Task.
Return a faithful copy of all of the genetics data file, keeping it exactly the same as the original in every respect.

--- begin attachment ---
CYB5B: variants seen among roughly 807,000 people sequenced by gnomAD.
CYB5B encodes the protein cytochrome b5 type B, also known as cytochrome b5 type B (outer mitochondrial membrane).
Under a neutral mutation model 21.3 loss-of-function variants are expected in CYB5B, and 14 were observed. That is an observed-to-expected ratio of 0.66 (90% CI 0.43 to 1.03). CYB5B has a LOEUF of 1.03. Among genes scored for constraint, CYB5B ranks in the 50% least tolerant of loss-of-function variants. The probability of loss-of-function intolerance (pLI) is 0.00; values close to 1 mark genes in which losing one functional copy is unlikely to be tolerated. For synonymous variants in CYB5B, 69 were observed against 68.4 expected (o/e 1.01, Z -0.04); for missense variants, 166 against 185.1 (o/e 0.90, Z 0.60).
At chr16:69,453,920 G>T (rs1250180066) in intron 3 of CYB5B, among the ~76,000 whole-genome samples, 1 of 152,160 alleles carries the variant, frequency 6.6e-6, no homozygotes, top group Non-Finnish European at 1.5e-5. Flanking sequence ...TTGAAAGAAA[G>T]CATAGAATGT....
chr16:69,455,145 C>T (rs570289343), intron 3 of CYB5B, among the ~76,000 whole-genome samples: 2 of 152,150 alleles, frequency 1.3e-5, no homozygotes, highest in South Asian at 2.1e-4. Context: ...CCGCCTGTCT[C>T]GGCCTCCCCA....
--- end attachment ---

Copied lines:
CYB5B: variants seen among roughly 807,000 people sequenced by gnomAD.
CYB5B encodes the protein cytochrome b5 type B, also known as cytochrome b5 type B (outer mitochondrial membrane).
Under a neutral mutation model 21.3 loss-of-function variants are expected in CYB5B, and 14 were observed. That is an observed-to-expected ratio of 0.66 (90% CI 0.43 to 1.03). CYB5B has a LOEUF of 1.03. Among genes scored for constraint, CYB5B ranks in the 50% least tolerant of loss-of-function variants. The probability of loss-of-function intolerance (pLI) is 0.00; values close to 1 mark genes in which losing one functional copy is unlikely to be tolerated. For synonymous variants in CYB5B, 69 were observed against 68.4 expected (o/e 1.01, Z -0.04); for missense variants, 166 against 185.1 (o/e 0.90, Z 0.60).
At chr16:69,453,920 G>T (rs1250180066) in intron 3 of CYB5B, among the ~76,000 whole-genome samples, 1 of 152,160 alleles carries the variant, frequency 6.6e-6, no homozygotes, top group Non-Finnish European at 1.5e-5. Flanking sequence ...TTGAAAGAAA[G>T]CATAGAATGT....
chr16:69,455,145 C>T (rs570289343), intron 3 of CYB5B, among the ~76,000 whole-genome samples: 2 of 152,150 alleles, frequency 1.3e-5, no homozygotes, highest in South Asian at 2.1e-4. Context: ...CCGCCTGTCT[C>T]GGCCTCCCCA....